diving deep into Call of Duty's battle Royale entry...
Back during the previous console generation, it seemed like the Call of Duty franchise was king of the FPS. Modern Warfare one, two, and three were some of the best shooters ever made and led the way for a sprawling franchise. But as the new generation of consoles hit in 2014, the franchise seemed to have more missteps than steps forward.
Call of Duty: Ghosts, which was a launch title on both the PS4 and the Xbox One, was a commercial failure. While the game had an enjoyable campaign, the popular multiplayer mode was ridiculed by gamers for the removal of past series staples like demolition and capture the flag and replaced them with new modes like blitz, cranked, and hunted. On top of that, the maps the game launched with were not well designed, and actual gunfights were near nonexistent.
With the success of EA/Dice's Battlefield 3, running on the now legendary frostbite engine, the franchise turned out some great titles like BF4 and BF1, taking the franchise into the World War I theater for the first time. Meanwhile, Activision churned out new title after new title, like Black Ops III and Advanced Warfare. With the addition of Infinite Warfare and an unsuccessful return to the World War II era, the franchise was both stale and just a little goofy at this point with some of the gimmicks added to multiplayer.
As the Battle Royale genre stormed the market with the ever-popular Fortnite and more recent Apex Legends from the creators of Titanfall, it was clear Call of Duty needed to try something new or end up falling by the wayside. Funny enough, it seems like the key to getting back into the game (much pun intended) was taking things back to basics rather than try something drastically new.
In just 48 hours, I've been completely turned back on to the franchise thanks to Modern Warfare (2019). And not, at least at the start, due to an excellent campaign or multiplayer. No, instead, I've become rapidly addicted to Call of Duty's entry into the Battle Royale genre, Warzone. Having played Apex and Battlefield V's Ring of Fire, I can safely say that Warzone is the best Battle Royale experience available to date.
Having messed around with Apex Legends a bit and then being disappointed by Battlefield's boring BR attempt, I was hesitant to give delve back into trying a new one out. I kept on hearing great things about Warzone, however, so I started the painfully large and long download and was not disappointed. Immediately upon dropping into the Verdansk map, I was in awe of its size and variety of different locations.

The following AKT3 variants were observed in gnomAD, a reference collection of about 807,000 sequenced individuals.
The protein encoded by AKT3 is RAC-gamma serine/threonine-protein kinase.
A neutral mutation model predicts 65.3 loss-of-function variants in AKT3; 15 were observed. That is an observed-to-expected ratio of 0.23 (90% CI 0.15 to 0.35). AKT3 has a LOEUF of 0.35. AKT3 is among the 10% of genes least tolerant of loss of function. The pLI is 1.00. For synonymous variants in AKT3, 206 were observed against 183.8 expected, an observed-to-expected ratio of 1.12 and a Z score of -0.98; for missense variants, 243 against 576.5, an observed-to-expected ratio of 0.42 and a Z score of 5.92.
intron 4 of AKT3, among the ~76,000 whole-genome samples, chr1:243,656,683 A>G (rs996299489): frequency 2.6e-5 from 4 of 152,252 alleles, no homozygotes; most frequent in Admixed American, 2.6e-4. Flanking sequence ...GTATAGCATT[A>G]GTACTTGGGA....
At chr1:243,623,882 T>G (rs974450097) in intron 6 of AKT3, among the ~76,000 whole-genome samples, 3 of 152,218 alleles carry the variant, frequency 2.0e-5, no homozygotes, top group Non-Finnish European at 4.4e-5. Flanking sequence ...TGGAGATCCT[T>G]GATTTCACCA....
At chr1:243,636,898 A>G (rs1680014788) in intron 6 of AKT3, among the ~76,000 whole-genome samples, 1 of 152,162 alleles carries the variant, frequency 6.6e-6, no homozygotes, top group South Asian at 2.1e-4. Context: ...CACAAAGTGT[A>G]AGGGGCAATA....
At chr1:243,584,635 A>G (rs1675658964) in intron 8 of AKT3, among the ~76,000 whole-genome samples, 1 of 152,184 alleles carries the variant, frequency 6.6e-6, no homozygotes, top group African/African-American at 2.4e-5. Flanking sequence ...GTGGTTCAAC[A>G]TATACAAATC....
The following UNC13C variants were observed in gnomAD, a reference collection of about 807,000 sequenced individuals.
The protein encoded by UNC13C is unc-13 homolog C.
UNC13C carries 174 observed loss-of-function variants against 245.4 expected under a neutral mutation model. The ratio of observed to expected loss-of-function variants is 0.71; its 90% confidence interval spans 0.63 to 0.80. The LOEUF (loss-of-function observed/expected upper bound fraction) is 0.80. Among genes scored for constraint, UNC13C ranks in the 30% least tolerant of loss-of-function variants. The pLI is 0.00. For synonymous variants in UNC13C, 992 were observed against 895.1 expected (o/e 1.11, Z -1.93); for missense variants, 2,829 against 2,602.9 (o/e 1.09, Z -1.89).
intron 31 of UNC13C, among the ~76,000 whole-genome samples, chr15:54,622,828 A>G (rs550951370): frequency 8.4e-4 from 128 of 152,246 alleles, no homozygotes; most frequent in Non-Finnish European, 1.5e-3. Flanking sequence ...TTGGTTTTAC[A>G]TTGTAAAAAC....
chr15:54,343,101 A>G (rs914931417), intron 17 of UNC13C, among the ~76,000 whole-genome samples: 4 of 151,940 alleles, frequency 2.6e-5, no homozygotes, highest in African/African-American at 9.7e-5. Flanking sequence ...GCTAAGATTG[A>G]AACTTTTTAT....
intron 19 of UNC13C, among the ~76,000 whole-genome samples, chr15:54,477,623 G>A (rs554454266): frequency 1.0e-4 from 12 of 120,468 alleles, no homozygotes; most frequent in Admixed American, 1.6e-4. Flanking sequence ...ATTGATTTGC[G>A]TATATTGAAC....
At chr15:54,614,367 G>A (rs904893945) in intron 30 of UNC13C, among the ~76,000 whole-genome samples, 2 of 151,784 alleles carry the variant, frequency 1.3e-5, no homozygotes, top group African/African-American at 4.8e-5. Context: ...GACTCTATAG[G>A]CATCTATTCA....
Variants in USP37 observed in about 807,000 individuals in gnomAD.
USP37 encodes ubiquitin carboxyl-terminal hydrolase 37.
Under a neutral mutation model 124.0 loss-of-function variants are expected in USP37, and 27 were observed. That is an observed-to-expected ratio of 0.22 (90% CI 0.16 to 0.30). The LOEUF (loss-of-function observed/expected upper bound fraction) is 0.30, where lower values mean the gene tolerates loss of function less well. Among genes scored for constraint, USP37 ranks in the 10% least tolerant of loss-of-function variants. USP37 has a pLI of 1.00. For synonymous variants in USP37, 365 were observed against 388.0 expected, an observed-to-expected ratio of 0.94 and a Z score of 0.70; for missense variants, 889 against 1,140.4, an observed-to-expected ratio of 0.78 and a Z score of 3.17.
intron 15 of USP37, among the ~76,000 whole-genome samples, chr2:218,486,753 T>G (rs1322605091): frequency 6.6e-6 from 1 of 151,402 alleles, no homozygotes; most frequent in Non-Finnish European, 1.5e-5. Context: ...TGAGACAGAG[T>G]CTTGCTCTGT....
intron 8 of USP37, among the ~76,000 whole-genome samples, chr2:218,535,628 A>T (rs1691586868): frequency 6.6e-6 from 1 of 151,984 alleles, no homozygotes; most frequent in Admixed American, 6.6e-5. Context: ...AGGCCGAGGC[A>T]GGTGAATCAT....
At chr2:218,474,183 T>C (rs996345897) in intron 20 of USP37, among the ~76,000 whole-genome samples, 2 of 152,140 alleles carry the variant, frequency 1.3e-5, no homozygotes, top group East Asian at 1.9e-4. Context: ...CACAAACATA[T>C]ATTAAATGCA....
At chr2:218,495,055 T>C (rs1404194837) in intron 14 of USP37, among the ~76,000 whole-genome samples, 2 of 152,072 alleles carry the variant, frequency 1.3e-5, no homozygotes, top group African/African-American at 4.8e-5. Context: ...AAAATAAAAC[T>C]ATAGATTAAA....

Although Verdansk is an abandoned city, and a large one, it feels very much as if it's been lived in. It's believable that the residents of this city dropped everything to escape the giant gas cloud that is slowly engulfing it, and that stood out my first few playthroughs. Unlike the cartoon-like nature of Fortnite and the fantastical maps in Apex, Warzone is very much grounded in reality. You're not going to find anything in Verdansk that you can't find in the real world.
The Airport section of the Verdansk map...
That brings me to my next point. While I'm a huge fan of science fiction, I like my FPS games, Destiny being the exception, to be grounded in reality. It's part of the reason I've never touched Fortnite, and basically why I didn't commit to Apex long-term. Having to figure out which character and their abilities cater to my style, and then being stuck with that specific set of said abilities and loadouts was never appealing to me.
Instead, Warzone, much like its multiplayer counterpart, stays true to what has worked for over a decade: near-total customization. After a few run-throughs, there are all the COD weapons and guns you've come to enjoy. And with them come their killstreak rewards and perks that give you the advantages you want for playing well. I would say after about three or four hours playing; I had figured out what kind of player I wanted to be and what type of loadout I wanted to have.
And there is another one of Warzone's great features; the ability to have as many different customizable loadouts as you'll possibly need. Want your loadout during a match? Dare to storm one of the loadout drops that occasionally drop in the map. I've done this once or twice, but nine times out of ten, I'm content with the weapons I find on the map. It's nice knowing the option is there, though.